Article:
Research Paper Com 220(3) - Friend or Foe: Aggressive...

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Friend or Foe: Aggressive Behavior in Dogs 1 Friend or Foe: Aggressive Behavior in Dogs Cathy Bandelow Research Writing/Com 220 June 6, 2010 Will Tyler
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Friend or Foe: Aggressive Behavior in Dogs 2 Canine behaviorists define aggression in dogs as an intention to harm. Barking, biting, chewing, and lunging are forms of aggressive behavior that a majority of dogs are prone. Problems not only arise to a dog’s owner but also to anyone who associates with a dog. Present- day domesticated dogs have wild instincts in their bloodlines. Every dog has teeth with the ability to inflict harm. Every breed of dogs is dangerous at different levels. Even though particular breeds of dogs have the reputation of being aggressive, successful rehabilitation with proper re-training and positive re-enforcement plays a key role. Figure 1. Aggressive Behavior. iStockphoto/Yuny Relenekyy Note: From Science Daily (February 18, 2008) Aggression in all breeds of dogs is common, but more common in some breeds that are predisposed to display this type of behavior. The breed standard or guidelines, established by well-known national and international kennel clubs, dictates if aggression is common and to what extent is allowed. The intensity of aggression differs for each individual dog and may not be displayed as the breed standard suggests. Throughout history, specific breeds have had a purpose or a function; herding, hunting, and protection, to name a few. Breeds with an aggressive reputation are simply carrying out their function. Aggressive behavior in dogs is commonplace. Every dog is wired to protect its territory. Some are wired incorrectly, and the aggression escalates.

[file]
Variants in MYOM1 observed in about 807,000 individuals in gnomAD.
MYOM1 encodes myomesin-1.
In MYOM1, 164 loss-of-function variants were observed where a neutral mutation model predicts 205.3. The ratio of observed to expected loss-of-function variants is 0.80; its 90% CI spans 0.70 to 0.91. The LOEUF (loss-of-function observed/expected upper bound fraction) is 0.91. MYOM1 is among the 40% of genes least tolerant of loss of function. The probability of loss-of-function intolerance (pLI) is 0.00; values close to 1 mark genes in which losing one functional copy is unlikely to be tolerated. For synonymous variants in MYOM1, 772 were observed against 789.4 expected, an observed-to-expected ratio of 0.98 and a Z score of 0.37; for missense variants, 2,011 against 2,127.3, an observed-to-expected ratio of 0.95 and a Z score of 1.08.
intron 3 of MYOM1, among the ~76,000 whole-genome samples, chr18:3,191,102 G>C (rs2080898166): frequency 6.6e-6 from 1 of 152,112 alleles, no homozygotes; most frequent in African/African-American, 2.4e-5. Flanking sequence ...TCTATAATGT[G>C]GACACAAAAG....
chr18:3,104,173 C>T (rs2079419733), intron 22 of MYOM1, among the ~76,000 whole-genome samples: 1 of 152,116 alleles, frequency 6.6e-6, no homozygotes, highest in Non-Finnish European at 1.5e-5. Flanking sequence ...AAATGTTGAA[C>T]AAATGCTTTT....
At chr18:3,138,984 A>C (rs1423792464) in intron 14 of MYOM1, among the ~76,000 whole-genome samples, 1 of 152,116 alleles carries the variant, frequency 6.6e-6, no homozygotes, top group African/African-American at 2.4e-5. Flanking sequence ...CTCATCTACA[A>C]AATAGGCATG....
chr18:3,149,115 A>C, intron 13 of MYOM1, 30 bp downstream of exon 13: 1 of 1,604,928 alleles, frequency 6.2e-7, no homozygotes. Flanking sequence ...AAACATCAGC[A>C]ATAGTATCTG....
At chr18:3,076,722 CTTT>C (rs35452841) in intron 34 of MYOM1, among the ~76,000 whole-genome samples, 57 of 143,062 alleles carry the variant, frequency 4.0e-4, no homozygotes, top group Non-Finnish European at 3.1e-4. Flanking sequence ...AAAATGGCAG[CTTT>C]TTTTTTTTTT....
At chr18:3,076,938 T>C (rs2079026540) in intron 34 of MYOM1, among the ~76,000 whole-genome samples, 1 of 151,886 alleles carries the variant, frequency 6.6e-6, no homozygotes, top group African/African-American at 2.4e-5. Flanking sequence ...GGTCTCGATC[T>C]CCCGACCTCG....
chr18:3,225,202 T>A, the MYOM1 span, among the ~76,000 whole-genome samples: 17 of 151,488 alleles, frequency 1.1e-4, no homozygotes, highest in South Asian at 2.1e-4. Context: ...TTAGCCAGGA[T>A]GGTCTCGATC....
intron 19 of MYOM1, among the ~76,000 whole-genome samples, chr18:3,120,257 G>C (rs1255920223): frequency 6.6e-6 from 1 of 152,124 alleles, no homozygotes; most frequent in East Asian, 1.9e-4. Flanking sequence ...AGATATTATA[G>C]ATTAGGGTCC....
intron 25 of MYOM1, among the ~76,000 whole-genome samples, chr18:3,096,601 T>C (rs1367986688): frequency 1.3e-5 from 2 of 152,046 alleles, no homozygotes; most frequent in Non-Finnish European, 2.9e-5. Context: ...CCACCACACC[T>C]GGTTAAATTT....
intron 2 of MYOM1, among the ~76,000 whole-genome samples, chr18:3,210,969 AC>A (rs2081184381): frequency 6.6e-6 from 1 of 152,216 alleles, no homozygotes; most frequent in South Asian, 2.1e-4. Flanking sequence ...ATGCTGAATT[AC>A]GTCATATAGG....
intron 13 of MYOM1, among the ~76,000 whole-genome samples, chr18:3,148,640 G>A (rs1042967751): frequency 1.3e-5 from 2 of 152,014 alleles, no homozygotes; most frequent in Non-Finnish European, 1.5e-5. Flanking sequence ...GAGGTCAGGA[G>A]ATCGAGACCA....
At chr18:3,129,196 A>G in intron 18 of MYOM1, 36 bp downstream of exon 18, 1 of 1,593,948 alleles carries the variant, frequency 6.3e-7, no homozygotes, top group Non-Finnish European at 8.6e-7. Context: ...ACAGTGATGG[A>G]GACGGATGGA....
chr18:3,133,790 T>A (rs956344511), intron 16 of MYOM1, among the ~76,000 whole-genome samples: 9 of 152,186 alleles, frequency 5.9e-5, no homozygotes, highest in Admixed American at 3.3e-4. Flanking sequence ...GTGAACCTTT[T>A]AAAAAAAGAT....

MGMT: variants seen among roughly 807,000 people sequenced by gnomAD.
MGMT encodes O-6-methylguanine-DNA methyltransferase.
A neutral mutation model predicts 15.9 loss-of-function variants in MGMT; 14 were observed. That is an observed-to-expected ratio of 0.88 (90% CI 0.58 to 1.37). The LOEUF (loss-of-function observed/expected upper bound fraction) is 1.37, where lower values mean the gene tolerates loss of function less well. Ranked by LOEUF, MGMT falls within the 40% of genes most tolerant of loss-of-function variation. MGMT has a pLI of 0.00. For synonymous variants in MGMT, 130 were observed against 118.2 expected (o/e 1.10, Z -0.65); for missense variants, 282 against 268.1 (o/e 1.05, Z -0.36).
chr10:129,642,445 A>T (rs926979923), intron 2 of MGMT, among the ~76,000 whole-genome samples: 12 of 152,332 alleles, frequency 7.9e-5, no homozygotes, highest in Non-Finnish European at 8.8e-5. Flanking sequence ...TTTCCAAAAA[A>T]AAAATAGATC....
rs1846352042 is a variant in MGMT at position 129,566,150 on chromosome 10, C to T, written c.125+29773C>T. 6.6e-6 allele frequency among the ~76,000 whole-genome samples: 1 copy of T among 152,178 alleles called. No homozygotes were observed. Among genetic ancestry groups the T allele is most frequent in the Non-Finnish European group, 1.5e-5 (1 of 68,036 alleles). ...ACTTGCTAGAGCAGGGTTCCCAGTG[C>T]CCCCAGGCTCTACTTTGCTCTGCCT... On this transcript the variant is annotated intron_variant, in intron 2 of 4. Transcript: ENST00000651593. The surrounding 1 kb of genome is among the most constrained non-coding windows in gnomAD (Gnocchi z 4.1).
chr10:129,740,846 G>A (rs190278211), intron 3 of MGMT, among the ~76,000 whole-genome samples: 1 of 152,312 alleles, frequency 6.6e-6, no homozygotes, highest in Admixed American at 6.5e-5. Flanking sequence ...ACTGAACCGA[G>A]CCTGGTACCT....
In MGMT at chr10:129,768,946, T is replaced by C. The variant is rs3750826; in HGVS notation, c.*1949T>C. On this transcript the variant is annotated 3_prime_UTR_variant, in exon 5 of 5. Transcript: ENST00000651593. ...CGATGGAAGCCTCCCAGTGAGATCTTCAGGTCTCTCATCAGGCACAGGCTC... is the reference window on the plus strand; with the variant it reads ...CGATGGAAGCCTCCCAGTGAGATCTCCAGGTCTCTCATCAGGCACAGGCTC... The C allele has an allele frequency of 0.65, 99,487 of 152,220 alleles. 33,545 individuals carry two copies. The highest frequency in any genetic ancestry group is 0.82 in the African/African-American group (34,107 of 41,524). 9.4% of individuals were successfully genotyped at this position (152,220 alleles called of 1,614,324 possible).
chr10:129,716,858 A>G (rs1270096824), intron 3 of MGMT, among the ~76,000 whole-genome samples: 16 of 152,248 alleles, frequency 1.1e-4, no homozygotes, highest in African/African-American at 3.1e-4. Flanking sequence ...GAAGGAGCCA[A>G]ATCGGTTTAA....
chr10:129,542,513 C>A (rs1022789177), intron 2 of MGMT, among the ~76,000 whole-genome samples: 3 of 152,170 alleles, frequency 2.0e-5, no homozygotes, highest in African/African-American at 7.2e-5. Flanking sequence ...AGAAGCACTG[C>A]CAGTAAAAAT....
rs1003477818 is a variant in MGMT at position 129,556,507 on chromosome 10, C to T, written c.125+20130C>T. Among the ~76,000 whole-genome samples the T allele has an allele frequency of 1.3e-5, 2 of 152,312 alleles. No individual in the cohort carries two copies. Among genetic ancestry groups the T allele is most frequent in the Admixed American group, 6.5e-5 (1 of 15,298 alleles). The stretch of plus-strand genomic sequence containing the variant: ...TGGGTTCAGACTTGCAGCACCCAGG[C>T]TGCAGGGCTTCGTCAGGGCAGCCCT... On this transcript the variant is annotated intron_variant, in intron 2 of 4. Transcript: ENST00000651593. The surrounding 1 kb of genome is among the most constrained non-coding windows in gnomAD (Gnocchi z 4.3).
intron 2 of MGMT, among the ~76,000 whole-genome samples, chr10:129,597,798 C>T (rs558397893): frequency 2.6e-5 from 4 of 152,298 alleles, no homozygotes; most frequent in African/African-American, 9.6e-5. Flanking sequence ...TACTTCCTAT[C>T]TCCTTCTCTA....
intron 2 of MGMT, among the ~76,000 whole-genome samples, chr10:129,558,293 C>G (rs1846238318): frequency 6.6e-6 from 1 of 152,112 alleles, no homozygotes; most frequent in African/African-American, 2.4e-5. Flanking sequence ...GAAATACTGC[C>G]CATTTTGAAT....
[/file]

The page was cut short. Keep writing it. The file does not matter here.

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Friend or Foe: Aggressive Behavior in Dogs 3 Chemical imbalances, genetics, hormones, and illness are medical causes for aggressive behavior. Dogs do suffer from humanlike ailments. Older dogs may become confused and insecure, similar to senility, which may trigger aggressive behavior. Medication and diet may modify mood and increase the chances of aggression. A veterinarian’s professional opinion determines if medical reasons are the source of aggression. Humane societies and animal shelters use tests to rule out medical causes. Sue Sternburg developed a method of testing temperament testing of dogs. Sue has more than 25 years experience studying dog behavior. Sue Sternburg is nationally and internationally known for working with animals as a behavior counselor and an animal care technician. The temperament evaluation process is 15 minutes and requires specialized training. The process is Assess-a-Pet. Staff members or behaviorists interact with the dog to assess the probability of biting. They observe how the dog responds to visitors and other animals. This test is performed on dogs for adoptability. Without this test in place, aggressive animals are subjected to immediate euthanization. Opponents to the method include animal welfare volunteers and shelter workers. The decision to euthanize an animal that has potential for rehabilitation is an escape or
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Research Paper Com 220(3) - Friend or Foe: Aggressive...

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